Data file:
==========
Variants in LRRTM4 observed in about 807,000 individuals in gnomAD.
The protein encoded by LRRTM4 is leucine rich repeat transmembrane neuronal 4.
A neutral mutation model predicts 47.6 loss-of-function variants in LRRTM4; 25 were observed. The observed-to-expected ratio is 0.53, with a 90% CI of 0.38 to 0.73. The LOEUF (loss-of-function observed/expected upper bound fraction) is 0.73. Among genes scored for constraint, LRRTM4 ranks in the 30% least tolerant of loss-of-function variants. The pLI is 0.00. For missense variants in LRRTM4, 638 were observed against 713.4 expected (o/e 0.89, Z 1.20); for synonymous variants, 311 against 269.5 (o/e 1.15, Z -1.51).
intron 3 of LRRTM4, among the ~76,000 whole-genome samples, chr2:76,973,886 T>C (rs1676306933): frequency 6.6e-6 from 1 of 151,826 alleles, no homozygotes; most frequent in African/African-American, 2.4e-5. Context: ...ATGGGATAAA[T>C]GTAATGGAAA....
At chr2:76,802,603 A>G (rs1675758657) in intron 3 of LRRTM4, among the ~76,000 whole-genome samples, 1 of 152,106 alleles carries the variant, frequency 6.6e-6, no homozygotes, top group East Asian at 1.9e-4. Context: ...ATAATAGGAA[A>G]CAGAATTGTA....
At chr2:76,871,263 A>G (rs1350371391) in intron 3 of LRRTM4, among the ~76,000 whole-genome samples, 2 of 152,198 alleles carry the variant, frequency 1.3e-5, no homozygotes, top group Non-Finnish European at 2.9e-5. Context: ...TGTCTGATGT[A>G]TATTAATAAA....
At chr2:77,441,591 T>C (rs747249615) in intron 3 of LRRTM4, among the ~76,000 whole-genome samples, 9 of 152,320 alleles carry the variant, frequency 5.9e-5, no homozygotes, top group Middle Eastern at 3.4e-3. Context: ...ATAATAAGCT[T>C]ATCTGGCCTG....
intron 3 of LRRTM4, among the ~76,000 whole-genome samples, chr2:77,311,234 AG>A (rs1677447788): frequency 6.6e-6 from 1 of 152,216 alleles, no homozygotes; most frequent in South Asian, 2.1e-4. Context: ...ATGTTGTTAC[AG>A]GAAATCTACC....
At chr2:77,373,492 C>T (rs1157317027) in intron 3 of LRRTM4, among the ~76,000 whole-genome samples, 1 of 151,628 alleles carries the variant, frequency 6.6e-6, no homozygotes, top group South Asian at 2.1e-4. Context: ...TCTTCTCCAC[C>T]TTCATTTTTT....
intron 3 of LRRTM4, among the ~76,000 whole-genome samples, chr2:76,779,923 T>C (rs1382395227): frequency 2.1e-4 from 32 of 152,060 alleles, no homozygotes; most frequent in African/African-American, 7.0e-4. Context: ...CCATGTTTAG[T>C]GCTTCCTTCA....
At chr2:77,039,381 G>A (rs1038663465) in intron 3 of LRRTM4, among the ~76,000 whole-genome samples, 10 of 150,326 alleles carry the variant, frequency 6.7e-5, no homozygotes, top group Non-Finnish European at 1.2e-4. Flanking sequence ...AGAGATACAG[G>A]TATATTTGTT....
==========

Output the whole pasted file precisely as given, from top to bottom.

Variants in LRRTM4 observed in about 807,000 individuals in gnomAD.
The protein encoded by LRRTM4 is leucine rich repeat transmembrane neuronal 4.
A neutral mutation model predicts 47.6 loss-of-function variants in LRRTM4; 25 were observed. The observed-to-expected ratio is 0.53, with a 90% CI of 0.38 to 0.73. The LOEUF (loss-of-function observed/expected upper bound fraction) is 0.73. Among genes scored for constraint, LRRTM4 ranks in the 30% least tolerant of loss-of-function variants. The pLI is 0.00. For missense variants in LRRTM4, 638 were observed against 713.4 expected (o/e 0.89, Z 1.20); for synonymous variants, 311 against 269.5 (o/e 1.15, Z -1.51).
intron 3 of LRRTM4, among the ~76,000 whole-genome samples, chr2:76,973,886 T>C (rs1676306933): frequency 6.6e-6 from 1 of 151,826 alleles, no homozygotes; most frequent in African/African-American, 2.4e-5. Context: ...ATGGGATAAA[T>C]GTAATGGAAA....
At chr2:76,802,603 A>G (rs1675758657) in intron 3 of LRRTM4, among the ~76,000 whole-genome samples, 1 of 152,106 alleles carries the variant, frequency 6.6e-6, no homozygotes, top group East Asian at 1.9e-4. Context: ...ATAATAGGAA[A>G]CAGAATTGTA....
At chr2:76,871,263 A>G (rs1350371391) in intron 3 of LRRTM4, among the ~76,000 whole-genome samples, 2 of 152,198 alleles carry the variant, frequency 1.3e-5, no homozygotes, top group Non-Finnish European at 2.9e-5. Context: ...TGTCTGATGT[A>G]TATTAATAAA....
At chr2:77,441,591 T>C (rs747249615) in intron 3 of LRRTM4, among the ~76,000 whole-genome samples, 9 of 152,320 alleles carry the variant, frequency 5.9e-5, no homozygotes, top group Middle Eastern at 3.4e-3. Context: ...ATAATAAGCT[T>C]ATCTGGCCTG....
intron 3 of LRRTM4, among the ~76,000 whole-genome samples, chr2:77,311,234 AG>A (rs1677447788): frequency 6.6e-6 from 1 of 152,216 alleles, no homozygotes; most frequent in South Asian, 2.1e-4. Context: ...ATGTTGTTAC[AG>A]GAAATCTACC....
At chr2:77,373,492 C>T (rs1157317027) in intron 3 of LRRTM4, among the ~76,000 whole-genome samples, 1 of 151,628 alleles carries the variant, frequency 6.6e-6, no homozygotes, top group South Asian at 2.1e-4. Context: ...TCTTCTCCAC[C>T]TTCATTTTTT....
intron 3 of LRRTM4, among the ~76,000 whole-genome samples, chr2:76,779,923 T>C (rs1382395227): frequency 2.1e-4 from 32 of 152,060 alleles, no homozygotes; most frequent in African/African-American, 7.0e-4. Context: ...CCATGTTTAG[T>C]GCTTCCTTCA....
At chr2:77,039,381 G>A (rs1038663465) in intron 3 of LRRTM4, among the ~76,000 whole-genome samples, 10 of 150,326 alleles carry the variant, frequency 6.7e-5, no homozygotes, top group Non-Finnish European at 1.2e-4. Flanking sequence ...AGAGATACAG[G>A]TATATTTGTT....